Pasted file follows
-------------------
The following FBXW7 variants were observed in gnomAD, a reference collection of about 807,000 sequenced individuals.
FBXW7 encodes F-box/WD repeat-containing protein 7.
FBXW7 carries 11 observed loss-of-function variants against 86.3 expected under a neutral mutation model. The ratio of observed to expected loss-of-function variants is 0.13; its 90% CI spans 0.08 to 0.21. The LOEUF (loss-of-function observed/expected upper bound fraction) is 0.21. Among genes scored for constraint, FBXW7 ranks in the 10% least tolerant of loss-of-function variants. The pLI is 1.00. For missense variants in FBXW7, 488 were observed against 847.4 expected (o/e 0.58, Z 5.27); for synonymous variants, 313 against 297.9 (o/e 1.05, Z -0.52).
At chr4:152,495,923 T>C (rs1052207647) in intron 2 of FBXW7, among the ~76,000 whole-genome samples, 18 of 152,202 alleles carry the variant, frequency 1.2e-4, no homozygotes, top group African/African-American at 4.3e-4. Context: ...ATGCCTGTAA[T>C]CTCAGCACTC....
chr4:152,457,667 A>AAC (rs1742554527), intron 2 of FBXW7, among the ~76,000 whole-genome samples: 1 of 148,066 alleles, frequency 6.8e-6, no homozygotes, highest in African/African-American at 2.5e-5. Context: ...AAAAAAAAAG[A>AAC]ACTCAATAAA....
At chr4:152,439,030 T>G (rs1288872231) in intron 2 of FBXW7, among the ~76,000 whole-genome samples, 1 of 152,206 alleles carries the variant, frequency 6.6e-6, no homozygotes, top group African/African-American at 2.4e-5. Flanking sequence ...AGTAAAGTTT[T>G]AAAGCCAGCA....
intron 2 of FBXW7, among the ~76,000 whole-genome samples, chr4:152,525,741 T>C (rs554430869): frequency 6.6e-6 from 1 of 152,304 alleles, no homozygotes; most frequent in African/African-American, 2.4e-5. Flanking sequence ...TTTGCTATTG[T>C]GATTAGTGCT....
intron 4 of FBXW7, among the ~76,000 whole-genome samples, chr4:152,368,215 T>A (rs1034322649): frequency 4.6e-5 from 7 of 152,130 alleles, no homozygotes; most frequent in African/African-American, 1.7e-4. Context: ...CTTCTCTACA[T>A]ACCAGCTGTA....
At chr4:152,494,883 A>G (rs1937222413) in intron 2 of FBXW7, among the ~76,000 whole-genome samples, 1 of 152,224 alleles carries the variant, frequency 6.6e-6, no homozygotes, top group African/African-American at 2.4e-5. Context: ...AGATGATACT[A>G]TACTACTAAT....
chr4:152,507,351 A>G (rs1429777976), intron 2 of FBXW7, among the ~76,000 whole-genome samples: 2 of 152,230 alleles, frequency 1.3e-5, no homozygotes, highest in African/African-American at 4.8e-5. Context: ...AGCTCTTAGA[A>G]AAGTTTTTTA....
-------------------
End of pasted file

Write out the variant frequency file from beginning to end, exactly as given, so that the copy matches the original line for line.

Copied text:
The following FBXW7 variants were observed in gnomAD, a reference collection of about 807,000 sequenced individuals.
FBXW7 encodes F-box/WD repeat-containing protein 7.
FBXW7 carries 11 observed loss-of-function variants against 86.3 expected under a neutral mutation model. The ratio of observed to expected loss-of-function variants is 0.13; its 90% CI spans 0.08 to 0.21. The LOEUF (loss-of-function observed/expected upper bound fraction) is 0.21. Among genes scored for constraint, FBXW7 ranks in the 10% least tolerant of loss-of-function variants. The pLI is 1.00. For missense variants in FBXW7, 488 were observed against 847.4 expected (o/e 0.58, Z 5.27); for synonymous variants, 313 against 297.9 (o/e 1.05, Z -0.52).
At chr4:152,495,923 T>C (rs1052207647) in intron 2 of FBXW7, among the ~76,000 whole-genome samples, 18 of 152,202 alleles carry the variant, frequency 1.2e-4, no homozygotes, top group African/African-American at 4.3e-4. Context: ...ATGCCTGTAA[T>C]CTCAGCACTC....
chr4:152,457,667 A>AAC (rs1742554527), intron 2 of FBXW7, among the ~76,000 whole-genome samples: 1 of 148,066 alleles, frequency 6.8e-6, no homozygotes, highest in African/African-American at 2.5e-5. Context: ...AAAAAAAAAG[A>AAC]ACTCAATAAA....
At chr4:152,439,030 T>G (rs1288872231) in intron 2 of FBXW7, among the ~76,000 whole-genome samples, 1 of 152,206 alleles carries the variant, frequency 6.6e-6, no homozygotes, top group African/African-American at 2.4e-5. Flanking sequence ...AGTAAAGTTT[T>G]AAAGCCAGCA....
intron 2 of FBXW7, among the ~76,000 whole-genome samples, chr4:152,525,741 T>C (rs554430869): frequency 6.6e-6 from 1 of 152,304 alleles, no homozygotes; most frequent in African/African-American, 2.4e-5. Flanking sequence ...TTTGCTATTG[T>C]GATTAGTGCT....
intron 4 of FBXW7, among the ~76,000 whole-genome samples, chr4:152,368,215 T>A (rs1034322649): frequency 4.6e-5 from 7 of 152,130 alleles, no homozygotes; most frequent in African/African-American, 1.7e-4. Context: ...CTTCTCTACA[T>A]ACCAGCTGTA....
At chr4:152,494,883 A>G (rs1937222413) in intron 2 of FBXW7, among the ~76,000 whole-genome samples, 1 of 152,224 alleles carries the variant, frequency 6.6e-6, no homozygotes, top group African/African-American at 2.4e-5. Context: ...AGATGATACT[A>G]TACTACTAAT....
chr4:152,507,351 A>G (rs1429777976), intron 2 of FBXW7, among the ~76,000 whole-genome samples: 2 of 152,230 alleles, frequency 1.3e-5, no homozygotes, highest in African/African-American at 4.8e-5. Context: ...AGCTCTTAGA[A>G]AAGTTTTTTA....